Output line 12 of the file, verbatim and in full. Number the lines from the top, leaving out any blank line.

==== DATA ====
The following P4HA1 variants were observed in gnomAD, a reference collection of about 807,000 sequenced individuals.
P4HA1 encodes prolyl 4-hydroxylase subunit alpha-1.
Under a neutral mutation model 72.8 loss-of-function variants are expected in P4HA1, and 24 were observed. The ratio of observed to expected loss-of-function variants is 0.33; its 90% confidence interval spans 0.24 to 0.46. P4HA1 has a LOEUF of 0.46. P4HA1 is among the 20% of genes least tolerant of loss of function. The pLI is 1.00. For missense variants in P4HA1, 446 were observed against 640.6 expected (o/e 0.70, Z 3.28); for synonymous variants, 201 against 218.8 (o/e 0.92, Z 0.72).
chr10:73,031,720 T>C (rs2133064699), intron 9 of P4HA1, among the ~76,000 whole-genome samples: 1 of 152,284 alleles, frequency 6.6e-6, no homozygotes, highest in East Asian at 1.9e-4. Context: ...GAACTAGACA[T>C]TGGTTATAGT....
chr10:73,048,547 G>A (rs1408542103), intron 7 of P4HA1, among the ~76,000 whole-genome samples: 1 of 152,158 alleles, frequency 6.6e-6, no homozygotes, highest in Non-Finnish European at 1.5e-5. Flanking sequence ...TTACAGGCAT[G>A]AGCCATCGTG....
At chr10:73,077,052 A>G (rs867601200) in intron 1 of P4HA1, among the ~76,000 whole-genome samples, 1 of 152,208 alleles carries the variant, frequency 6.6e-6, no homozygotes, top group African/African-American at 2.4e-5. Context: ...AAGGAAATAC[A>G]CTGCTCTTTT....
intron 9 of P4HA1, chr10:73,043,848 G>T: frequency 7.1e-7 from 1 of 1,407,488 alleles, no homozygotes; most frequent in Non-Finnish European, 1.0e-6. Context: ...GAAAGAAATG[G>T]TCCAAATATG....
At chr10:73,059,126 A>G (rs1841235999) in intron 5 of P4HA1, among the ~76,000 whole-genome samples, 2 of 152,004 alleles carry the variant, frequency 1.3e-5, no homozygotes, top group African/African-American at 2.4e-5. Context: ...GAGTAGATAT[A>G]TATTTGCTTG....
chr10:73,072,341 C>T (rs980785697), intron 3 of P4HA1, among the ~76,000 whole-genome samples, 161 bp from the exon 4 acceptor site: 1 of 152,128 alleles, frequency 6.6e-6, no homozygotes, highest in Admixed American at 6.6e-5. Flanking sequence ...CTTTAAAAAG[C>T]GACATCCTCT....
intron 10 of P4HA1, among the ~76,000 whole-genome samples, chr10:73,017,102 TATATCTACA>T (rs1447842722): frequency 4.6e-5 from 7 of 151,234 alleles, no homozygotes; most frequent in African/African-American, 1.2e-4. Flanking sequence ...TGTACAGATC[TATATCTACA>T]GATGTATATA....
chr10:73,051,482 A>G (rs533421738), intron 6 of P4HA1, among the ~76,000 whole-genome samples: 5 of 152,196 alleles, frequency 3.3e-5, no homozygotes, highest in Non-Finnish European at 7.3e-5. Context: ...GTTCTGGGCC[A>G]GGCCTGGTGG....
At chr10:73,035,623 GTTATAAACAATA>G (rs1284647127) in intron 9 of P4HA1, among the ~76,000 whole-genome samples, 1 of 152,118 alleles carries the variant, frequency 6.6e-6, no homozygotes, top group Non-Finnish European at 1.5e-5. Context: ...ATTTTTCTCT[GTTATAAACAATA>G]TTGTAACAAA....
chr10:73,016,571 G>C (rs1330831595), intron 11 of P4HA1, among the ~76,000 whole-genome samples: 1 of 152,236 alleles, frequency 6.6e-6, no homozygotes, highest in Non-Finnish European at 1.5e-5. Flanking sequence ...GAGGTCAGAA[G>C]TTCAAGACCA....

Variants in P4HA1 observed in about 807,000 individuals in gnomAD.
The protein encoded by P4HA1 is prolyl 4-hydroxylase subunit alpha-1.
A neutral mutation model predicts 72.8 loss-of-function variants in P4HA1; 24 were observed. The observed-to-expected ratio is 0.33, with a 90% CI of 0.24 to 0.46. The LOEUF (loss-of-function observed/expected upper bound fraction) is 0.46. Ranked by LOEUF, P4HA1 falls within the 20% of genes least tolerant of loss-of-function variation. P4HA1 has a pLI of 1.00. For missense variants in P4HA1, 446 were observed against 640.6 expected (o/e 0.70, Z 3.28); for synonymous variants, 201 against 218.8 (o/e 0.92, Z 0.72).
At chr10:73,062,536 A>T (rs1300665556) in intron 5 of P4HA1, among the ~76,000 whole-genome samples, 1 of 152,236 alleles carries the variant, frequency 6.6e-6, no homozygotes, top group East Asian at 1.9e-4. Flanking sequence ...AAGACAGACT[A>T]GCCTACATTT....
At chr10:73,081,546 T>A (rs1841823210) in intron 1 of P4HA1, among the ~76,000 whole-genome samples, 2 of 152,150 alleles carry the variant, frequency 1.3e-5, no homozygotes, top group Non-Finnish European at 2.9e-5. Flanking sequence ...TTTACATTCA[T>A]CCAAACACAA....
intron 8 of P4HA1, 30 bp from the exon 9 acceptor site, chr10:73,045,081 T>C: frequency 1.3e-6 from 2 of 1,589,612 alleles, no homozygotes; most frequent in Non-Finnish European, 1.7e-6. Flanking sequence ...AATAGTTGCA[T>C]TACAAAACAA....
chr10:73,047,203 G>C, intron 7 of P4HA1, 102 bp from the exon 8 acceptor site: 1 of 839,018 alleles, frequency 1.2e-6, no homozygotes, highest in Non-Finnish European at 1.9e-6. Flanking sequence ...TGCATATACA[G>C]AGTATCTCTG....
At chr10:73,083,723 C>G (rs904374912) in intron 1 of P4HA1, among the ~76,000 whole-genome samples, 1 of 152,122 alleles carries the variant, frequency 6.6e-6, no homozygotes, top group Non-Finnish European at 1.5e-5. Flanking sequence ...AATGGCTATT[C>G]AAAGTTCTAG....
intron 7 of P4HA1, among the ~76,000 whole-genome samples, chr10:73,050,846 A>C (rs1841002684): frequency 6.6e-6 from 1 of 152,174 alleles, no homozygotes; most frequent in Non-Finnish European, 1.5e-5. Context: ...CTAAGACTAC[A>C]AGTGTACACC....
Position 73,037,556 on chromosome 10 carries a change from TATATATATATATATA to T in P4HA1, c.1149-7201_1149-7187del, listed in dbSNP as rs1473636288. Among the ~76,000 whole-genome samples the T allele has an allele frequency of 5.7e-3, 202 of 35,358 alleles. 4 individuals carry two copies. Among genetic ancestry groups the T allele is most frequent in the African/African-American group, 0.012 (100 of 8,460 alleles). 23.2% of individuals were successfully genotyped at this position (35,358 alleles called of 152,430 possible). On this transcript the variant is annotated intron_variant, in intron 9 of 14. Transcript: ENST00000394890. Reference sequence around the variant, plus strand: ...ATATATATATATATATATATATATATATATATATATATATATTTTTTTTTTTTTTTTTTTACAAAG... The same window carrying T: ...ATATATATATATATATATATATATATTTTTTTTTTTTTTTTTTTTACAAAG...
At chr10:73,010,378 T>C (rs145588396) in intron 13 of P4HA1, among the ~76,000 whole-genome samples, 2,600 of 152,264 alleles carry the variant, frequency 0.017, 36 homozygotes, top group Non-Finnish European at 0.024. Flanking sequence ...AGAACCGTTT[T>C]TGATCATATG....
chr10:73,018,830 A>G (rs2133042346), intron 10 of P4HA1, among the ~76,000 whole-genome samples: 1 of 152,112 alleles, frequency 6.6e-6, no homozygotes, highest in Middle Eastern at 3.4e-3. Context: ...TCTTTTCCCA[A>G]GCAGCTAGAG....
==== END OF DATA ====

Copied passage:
At chr10:73,035,623 GTTATAAACAATA>G (rs1284647127) in intron 9 of P4HA1, among the ~76,000 whole-genome samples, 1 of 152,118 alleles carries the variant, frequency 6.6e-6, no homozygotes, top group Non-Finnish European at 1.5e-5. Context: ...ATTTTTCTCT[GTTATAAACAATA>G]TTGTAACAAA....